David Brooks' review of of Jerome Karabel's "The Chosen: The Hidden History of Admission and Exclusion at Harvard, Yale, and Princeton." Normally I am very weary of the impression, often contained in the NY Times, that there are fewer than ten colleges worth attending in the entire United States; however, despite my initial reluctance I enjoyed his review and will buy and read the book.
One part of Brooks' review especially caught my attention; essentially, a 1960s admittance shift, ostensibly meritocratic in nature, by these elite colleges has resulted in a less diverse socio-economic student body. 'The Chosen': Getting In - New York Times: "In 1952, more than 37 percent of Harvard freshmen had fathers who had not attended college. By 1996, less than 11 percent did. In 1954, 10 percent of Harvard freshmen had fathers who worked at blue-collar jobs. Forty-two years later, only 5 percent did."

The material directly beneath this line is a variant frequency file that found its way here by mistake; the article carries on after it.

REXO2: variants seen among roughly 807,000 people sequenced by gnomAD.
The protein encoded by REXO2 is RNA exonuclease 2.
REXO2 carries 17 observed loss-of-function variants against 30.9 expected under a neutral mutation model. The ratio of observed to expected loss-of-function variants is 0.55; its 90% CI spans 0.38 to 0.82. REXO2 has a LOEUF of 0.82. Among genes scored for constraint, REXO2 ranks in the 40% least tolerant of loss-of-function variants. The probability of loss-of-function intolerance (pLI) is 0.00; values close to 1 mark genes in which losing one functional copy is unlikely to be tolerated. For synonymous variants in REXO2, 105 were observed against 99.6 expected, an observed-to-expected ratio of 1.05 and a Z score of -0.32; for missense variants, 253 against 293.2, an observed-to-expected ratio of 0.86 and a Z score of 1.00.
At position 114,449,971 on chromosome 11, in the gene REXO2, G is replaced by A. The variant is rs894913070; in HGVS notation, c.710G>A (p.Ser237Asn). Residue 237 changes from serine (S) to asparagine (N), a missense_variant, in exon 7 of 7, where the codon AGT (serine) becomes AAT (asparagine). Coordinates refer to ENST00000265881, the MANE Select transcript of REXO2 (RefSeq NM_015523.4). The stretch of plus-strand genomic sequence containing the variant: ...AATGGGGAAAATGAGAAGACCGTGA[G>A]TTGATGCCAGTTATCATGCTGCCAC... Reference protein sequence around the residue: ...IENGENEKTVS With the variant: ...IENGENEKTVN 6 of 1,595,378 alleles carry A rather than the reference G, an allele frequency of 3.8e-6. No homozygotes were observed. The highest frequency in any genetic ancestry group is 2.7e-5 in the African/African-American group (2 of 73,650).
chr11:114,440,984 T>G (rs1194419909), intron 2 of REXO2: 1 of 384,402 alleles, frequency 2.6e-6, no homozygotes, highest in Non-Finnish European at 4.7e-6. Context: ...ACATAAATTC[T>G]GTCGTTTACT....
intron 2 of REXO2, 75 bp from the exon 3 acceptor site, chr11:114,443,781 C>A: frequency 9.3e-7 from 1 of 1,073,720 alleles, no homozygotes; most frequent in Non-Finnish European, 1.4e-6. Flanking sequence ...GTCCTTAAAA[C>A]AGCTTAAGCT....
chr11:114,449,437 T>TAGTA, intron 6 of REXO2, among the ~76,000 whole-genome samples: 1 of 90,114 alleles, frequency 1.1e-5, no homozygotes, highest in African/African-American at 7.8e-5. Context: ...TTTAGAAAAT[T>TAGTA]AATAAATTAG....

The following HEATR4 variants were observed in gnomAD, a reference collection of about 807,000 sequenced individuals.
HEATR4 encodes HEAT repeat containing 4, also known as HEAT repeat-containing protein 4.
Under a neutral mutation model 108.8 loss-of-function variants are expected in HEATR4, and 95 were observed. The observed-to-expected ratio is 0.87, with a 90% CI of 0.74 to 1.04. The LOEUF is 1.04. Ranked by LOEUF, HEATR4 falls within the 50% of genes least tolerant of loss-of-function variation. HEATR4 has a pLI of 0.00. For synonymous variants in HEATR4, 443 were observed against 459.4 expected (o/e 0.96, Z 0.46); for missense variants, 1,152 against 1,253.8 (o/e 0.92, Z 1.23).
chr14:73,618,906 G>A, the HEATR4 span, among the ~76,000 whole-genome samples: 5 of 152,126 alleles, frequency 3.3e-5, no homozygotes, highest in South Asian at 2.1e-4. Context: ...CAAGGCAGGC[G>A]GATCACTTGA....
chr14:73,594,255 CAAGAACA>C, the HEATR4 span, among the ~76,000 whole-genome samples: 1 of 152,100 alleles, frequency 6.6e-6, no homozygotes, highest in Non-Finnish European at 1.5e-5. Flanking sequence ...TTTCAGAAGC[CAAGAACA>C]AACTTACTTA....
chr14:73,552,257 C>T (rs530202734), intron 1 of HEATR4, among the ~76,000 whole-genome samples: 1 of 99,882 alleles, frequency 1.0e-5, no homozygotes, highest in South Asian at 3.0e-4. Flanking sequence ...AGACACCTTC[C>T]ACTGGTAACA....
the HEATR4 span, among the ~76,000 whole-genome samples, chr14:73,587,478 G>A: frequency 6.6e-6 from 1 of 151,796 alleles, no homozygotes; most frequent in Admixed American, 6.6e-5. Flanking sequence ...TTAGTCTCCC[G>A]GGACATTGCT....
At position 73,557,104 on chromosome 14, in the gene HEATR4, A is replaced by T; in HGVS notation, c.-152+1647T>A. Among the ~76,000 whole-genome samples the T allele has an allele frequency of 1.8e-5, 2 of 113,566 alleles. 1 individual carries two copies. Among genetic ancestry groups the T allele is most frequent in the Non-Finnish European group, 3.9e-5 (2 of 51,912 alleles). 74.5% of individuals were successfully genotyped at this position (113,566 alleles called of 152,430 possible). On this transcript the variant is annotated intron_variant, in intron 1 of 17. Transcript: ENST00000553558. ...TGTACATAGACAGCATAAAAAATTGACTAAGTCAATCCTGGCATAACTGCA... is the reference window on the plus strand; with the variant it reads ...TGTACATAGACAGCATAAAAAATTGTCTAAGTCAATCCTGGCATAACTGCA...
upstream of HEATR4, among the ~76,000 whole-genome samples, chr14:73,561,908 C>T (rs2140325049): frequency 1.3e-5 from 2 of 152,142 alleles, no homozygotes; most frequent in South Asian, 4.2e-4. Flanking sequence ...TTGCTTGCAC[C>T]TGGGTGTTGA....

This observation fits in with Michael Bennet's "When Dreams Came True: The GI Bill and the Making of Modern America" . I have been reading his very compelling argument that the post-war period represented the most dynamic and socially mobile era of U.S. history. The 1950s, long derided for its perceived conformity and dullness, re-emerges in Bennet's book as the decade of true fundemental change and progress. By the way, the then president of Harvard, Conant, opposed the education provision of the G.I. Bill because of its implied threat to the educated elite.